The bell weighs nearly 14 tonnes and it cracked in 1859 when it was first bonged with a hammer that was way too heavy.

The crack was never repaired. Instead the bell was rotated one eighth of a turn and a lighter (200kg) hammer was installed. The cracked bell has a characteristic sound which we have all grown to love.

Big Ben strikes. UK Parliament.

Instead, it is the Elizabeth Tower (1859) and the clock mechanism (1854), designed by Denison and Airy, that need attention.

Any building or machine needs regular maintenance – we paint our doors and windows when they need it and we repair or replace our cars quite routinely. It is convenient to choose a day when we’re out of the house to paint the doors, or when we don’t need the car to repair the brakes. But a clock just doesn’t stop – especially not a clock as iconic as the Great Clock at the Palace of Westminster.

Repairs to the tower are long overdue. There is corrosion damage to the cast iron roof and to the belfry structure which keeps the bells in place. There is water damage to the masonry and condensation problems will be addressed, too. There are plumbing and electrical works to be done for a lift to be installed in one of the ventilation shafts, toilet facilities and the fitting of low-energy lighting.

Marvel of engineering

The clock mechanism itself is remarkable. In its 162-year history it has only had one major breakdown. In 1976 the speed regulator for the chimes broke and the mechanism sped up to destruction. The resulting damage took months to repair.

The weights that drive the clock are, like the bells and hammers, unimaginably huge. The “drive train” that keeps the pendulum swinging and that turns the hands is driven by a weight of about 100kg. Two other weights that ring the bells are each over a tonne. If any of these weights falls out of control (as in the 1976 incident), they could do a lot of damage.

The pendulum suspension spring is especially critical because it holds up the huge pendulum bob which weighs 321kg. The swinging pendulum releases the “escapement” every two seconds which then turns the hands on the clock’s four faces. If you look very closely, you will see that the minute hand doesn’t move smoothly but it sits still most of the time, only moving on each tick by 1.5cm.

The pendulum swings back and forth 21,600 times a day. That’s nearly 8m times a year, bending the pendulum spring. Like any metal, it has the potential to suffer from fatigue. The pendulum needs to be lifted out of the clock so that the spring can be closely inspected.

The clock derives its remarkable accuracy in part from the temperature compensation which is built into the construction of the pendulum. This was yet another of John Harrison’s genius ideas (you probably know him from longitude fame). He came up with the solution of using metals of differing temperature expansion coefficient so that the pendulum doesn’t change in length as the temperature changes with the seasons.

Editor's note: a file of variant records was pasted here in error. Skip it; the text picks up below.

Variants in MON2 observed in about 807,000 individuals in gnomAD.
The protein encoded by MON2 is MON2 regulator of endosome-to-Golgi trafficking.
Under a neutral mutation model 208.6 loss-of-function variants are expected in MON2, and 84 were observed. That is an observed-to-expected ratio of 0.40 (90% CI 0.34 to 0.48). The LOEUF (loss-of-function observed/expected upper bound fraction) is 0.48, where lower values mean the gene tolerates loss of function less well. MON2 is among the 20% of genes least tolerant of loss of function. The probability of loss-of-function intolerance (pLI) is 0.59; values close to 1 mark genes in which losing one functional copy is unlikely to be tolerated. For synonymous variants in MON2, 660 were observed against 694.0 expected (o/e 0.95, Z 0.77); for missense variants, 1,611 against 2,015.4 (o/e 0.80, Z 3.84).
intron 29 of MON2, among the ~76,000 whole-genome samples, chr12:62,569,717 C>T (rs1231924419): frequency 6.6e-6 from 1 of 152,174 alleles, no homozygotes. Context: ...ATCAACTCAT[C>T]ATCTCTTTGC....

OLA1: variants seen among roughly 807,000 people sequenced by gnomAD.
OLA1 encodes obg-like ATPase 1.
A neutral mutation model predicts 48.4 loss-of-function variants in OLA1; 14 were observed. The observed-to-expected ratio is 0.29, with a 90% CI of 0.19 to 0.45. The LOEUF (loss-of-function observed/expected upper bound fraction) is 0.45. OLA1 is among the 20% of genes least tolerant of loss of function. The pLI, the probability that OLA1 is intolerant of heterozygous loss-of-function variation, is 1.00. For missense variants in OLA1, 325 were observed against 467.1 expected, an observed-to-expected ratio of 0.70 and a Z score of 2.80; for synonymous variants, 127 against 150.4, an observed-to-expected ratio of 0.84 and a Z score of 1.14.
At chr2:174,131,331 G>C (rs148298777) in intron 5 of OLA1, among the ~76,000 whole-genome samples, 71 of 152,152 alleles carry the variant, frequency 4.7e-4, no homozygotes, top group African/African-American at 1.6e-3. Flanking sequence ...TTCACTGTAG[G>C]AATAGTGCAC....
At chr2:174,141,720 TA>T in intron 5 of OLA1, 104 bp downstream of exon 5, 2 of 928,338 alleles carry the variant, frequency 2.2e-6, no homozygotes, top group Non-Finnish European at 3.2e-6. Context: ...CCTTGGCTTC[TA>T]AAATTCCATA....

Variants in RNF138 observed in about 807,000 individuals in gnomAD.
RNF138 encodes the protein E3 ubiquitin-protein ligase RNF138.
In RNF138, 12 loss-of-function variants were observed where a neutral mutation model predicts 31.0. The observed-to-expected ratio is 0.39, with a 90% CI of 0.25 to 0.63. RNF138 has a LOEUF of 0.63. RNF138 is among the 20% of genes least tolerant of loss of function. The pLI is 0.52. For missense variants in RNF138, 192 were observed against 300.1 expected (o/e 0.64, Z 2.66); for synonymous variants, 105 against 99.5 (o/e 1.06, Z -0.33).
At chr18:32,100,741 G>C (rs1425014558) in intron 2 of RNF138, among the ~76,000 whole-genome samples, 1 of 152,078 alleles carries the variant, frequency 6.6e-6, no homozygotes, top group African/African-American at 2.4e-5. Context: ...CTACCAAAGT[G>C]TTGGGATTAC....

In the Westminster clock, the pendulum shaft is made of concentric tubes of steel and zinc. A similar construction is described for the clock in Trinity College Cambridge and near perfect temperature compensation can be achieved. But zinc is a ductile metal and the tube deforms with time under the heavy load of the 321kg pendulum bob. This “creeping” will cause the temperature compensation to jam up and become less effective.

So stopping the clock will also be a good opportunity to dismantle the pendulum completely and to check that the zinc tube is sliding freely. This in itself is a few days' work.

What makes it tick

But the truly clever bit of this clock is the escapement. All clocks have one - it’s what makes the clock tick, quite literally. Denison developed his new gravity escapement especially for the Westminster clock. It decouples the driving force of the falling weight from the periodic force that maintains the motion of the pendulum. To this day, the best tower clocks in England use the gravity escapement leading to remarkable accuracy – better even than that of your quartz crystal wrist watch.

In Denison’s gravity escapement, the “tick” is the impact of the “legs” of the escapement colliding with hardened steel seats. Each collision causes microscopic damage which, accumulated over millions of collisions per year, causes wear and tear affecting the accuracy of the clock. It is impossible to inspect the escapement without stopping the clock. Part of the maintenance proposed during this stoppage is a thorough overhaul of the escapement and the other workings of the clock.

The Westminster clock is a remarkable icon for London and for England. For more than 150 years it has reminded us of each hour, tirelessly. That’s what I love about clocks – they seem to carry on without a fuss. But every now and then even the most famous of clocks need a bit of care. After this period of pampering, “Big Ben” ought to be set for another 100 or so years of trouble-free running.

The Conversation

Hugh Hunt is a Reader in Engineering Dynamics and Vibration at the University of Cambridge.

This article was originally published on The Conversation. Read the original article.